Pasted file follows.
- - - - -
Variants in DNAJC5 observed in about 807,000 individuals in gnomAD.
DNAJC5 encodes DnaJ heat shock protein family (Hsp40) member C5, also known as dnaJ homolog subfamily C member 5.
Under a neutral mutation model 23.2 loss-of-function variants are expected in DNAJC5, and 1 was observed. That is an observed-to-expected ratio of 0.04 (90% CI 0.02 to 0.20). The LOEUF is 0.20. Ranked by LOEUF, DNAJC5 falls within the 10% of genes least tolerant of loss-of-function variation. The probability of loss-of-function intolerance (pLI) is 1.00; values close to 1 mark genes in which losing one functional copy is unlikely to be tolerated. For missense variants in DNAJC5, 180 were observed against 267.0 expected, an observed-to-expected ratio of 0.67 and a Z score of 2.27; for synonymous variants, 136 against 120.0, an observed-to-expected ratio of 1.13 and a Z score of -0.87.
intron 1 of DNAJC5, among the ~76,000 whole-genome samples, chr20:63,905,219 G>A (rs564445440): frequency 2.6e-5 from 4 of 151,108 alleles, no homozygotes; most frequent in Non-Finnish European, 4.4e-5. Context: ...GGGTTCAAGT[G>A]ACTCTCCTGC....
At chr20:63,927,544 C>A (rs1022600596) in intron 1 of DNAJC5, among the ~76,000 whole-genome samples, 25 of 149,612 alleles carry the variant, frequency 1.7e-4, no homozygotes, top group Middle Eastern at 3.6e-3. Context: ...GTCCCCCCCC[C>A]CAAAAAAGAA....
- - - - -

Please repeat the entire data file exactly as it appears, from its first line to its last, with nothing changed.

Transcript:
Variants in DNAJC5 observed in about 807,000 individuals in gnomAD.
DNAJC5 encodes DnaJ heat shock protein family (Hsp40) member C5, also known as dnaJ homolog subfamily C member 5.
Under a neutral mutation model 23.2 loss-of-function variants are expected in DNAJC5, and 1 was observed. That is an observed-to-expected ratio of 0.04 (90% CI 0.02 to 0.20). The LOEUF is 0.20. Ranked by LOEUF, DNAJC5 falls within the 10% of genes least tolerant of loss-of-function variation. The probability of loss-of-function intolerance (pLI) is 1.00; values close to 1 mark genes in which losing one functional copy is unlikely to be tolerated. For missense variants in DNAJC5, 180 were observed against 267.0 expected, an observed-to-expected ratio of 0.67 and a Z score of 2.27; for synonymous variants, 136 against 120.0, an observed-to-expected ratio of 1.13 and a Z score of -0.87.
intron 1 of DNAJC5, among the ~76,000 whole-genome samples, chr20:63,905,219 G>A (rs564445440): frequency 2.6e-5 from 4 of 151,108 alleles, no homozygotes; most frequent in Non-Finnish European, 4.4e-5. Context: ...GGGTTCAAGT[G>A]ACTCTCCTGC....
At chr20:63,927,544 C>A (rs1022600596) in intron 1 of DNAJC5, among the ~76,000 whole-genome samples, 25 of 149,612 alleles carry the variant, frequency 1.7e-4, no homozygotes, top group Middle Eastern at 3.6e-3. Context: ...GTCCCCCCCC[C>A]CAAAAAAGAA....